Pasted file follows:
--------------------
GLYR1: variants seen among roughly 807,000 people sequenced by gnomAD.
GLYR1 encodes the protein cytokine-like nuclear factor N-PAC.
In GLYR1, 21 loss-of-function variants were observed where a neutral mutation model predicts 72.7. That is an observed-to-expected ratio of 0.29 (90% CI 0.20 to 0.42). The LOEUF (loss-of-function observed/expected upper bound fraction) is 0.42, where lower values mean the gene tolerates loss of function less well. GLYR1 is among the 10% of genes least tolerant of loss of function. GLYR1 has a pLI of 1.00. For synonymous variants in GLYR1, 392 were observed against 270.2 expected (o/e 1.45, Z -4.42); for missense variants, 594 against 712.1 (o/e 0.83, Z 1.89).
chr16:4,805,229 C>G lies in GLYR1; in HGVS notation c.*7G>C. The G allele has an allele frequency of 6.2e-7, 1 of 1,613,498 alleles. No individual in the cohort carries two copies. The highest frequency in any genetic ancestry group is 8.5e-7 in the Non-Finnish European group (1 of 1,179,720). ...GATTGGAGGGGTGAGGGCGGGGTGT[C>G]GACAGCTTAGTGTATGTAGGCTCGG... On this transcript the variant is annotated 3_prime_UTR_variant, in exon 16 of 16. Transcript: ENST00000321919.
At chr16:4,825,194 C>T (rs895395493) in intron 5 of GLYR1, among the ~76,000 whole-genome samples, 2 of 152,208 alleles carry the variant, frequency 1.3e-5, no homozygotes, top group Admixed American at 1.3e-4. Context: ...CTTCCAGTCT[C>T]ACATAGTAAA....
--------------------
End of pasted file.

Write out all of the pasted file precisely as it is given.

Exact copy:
GLYR1: variants seen among roughly 807,000 people sequenced by gnomAD.
GLYR1 encodes the protein cytokine-like nuclear factor N-PAC.
In GLYR1, 21 loss-of-function variants were observed where a neutral mutation model predicts 72.7. That is an observed-to-expected ratio of 0.29 (90% CI 0.20 to 0.42). The LOEUF (loss-of-function observed/expected upper bound fraction) is 0.42, where lower values mean the gene tolerates loss of function less well. GLYR1 is among the 10% of genes least tolerant of loss of function. GLYR1 has a pLI of 1.00. For synonymous variants in GLYR1, 392 were observed against 270.2 expected (o/e 1.45, Z -4.42); for missense variants, 594 against 712.1 (o/e 0.83, Z 1.89).
chr16:4,805,229 C>G lies in GLYR1; in HGVS notation c.*7G>C. The G allele has an allele frequency of 6.2e-7, 1 of 1,613,498 alleles. No individual in the cohort carries two copies. The highest frequency in any genetic ancestry group is 8.5e-7 in the Non-Finnish European group (1 of 1,179,720). ...GATTGGAGGGGTGAGGGCGGGGTGT[C>G]GACAGCTTAGTGTATGTAGGCTCGG... On this transcript the variant is annotated 3_prime_UTR_variant, in exon 16 of 16. Transcript: ENST00000321919.
At chr16:4,825,194 C>T (rs895395493) in intron 5 of GLYR1, among the ~76,000 whole-genome samples, 2 of 152,208 alleles carry the variant, frequency 1.3e-5, no homozygotes, top group Admixed American at 1.3e-4. Context: ...CTTCCAGTCT[C>T]ACATAGTAAA....